【PART 1】 Mystery of Okinawa: Military Bases and the Constitution


【3】 “Japanese politicians and bureaucrats lack integrity”


Such circumstances in Okinawa are a result of submitting to U.S. requests, of course. Hence, American officials are happy to have the Japanese side comply. Yet, at the same time, Americans despise such an attitude?that of obeying whatever a dominant power says, even permitting actions in one’s own country, in violation of one’s own people’s human rights, that would never be allowed unconditionally in the power’s own homeland. The Americans, therefore, deplore the attitude of Japanese officials for exactly that submission.

An American friend of my own age, who works for a newspaper publisher, confirms this. He describes this attitude of Japanese politicians and officials as, from the American point of view, “lacking integrity.”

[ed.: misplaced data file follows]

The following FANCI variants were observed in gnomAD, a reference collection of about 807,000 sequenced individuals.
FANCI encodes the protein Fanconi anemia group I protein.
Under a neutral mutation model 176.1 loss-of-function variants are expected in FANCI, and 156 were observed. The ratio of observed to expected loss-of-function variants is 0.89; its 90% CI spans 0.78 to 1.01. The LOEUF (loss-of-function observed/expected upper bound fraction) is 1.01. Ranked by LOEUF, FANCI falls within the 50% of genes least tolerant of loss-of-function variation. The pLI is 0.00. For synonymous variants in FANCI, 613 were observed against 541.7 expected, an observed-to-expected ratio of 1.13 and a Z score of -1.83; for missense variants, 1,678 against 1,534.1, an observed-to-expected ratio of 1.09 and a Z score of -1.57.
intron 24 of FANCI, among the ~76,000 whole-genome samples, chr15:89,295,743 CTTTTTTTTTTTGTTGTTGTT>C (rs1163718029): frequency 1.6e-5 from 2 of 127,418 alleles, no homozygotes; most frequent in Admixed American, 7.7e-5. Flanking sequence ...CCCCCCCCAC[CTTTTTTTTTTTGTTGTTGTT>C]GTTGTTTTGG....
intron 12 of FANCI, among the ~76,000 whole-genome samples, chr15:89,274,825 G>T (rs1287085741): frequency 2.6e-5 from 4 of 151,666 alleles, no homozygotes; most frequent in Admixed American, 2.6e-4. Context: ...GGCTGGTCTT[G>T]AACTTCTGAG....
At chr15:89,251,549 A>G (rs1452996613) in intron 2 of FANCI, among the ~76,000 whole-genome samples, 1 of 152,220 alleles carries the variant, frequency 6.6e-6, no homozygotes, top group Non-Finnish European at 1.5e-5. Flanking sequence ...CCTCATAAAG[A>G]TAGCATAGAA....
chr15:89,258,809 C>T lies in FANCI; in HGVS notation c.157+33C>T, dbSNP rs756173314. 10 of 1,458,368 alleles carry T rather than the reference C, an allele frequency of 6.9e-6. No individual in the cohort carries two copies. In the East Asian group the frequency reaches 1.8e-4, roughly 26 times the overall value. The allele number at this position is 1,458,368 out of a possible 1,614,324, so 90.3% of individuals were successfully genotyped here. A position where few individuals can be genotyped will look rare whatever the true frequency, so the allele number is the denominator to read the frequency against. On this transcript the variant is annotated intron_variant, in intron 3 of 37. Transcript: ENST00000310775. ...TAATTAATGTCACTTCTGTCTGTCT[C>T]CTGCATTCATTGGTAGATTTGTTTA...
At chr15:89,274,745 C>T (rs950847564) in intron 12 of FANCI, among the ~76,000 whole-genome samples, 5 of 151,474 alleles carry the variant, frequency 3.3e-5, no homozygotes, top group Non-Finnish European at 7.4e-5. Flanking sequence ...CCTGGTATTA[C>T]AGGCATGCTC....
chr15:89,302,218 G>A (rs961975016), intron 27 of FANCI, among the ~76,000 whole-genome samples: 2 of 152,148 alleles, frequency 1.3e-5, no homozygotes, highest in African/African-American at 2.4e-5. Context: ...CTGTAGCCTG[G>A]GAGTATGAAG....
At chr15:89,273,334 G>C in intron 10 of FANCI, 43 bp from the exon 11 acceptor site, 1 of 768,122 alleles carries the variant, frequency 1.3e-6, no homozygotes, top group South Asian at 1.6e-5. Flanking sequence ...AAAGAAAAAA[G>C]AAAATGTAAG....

In Americans’ judgment of other people, “integrity” is a very important criterion. It essentially means consistency, refusing to change your position under pressure of the situation. In other words, it means having good ethical principles, maintaining your position even if a powerful entity tells you to change it. It also means refusing to tell irresponsible lies even if it is in your interest to do so.

Such a firmly consistent person is called “a person of integrity,” and highly regarded. He or she is seen as moral and incorrupt. On the other hand, if you are called “a person of no integrity,” it is a complete denial of your character. There is much evidence showing that American officials involved in negotiations with Japan despise the Japanese politicians and bureaucrats for yielding to foreign pressure and allowing this situation to continue.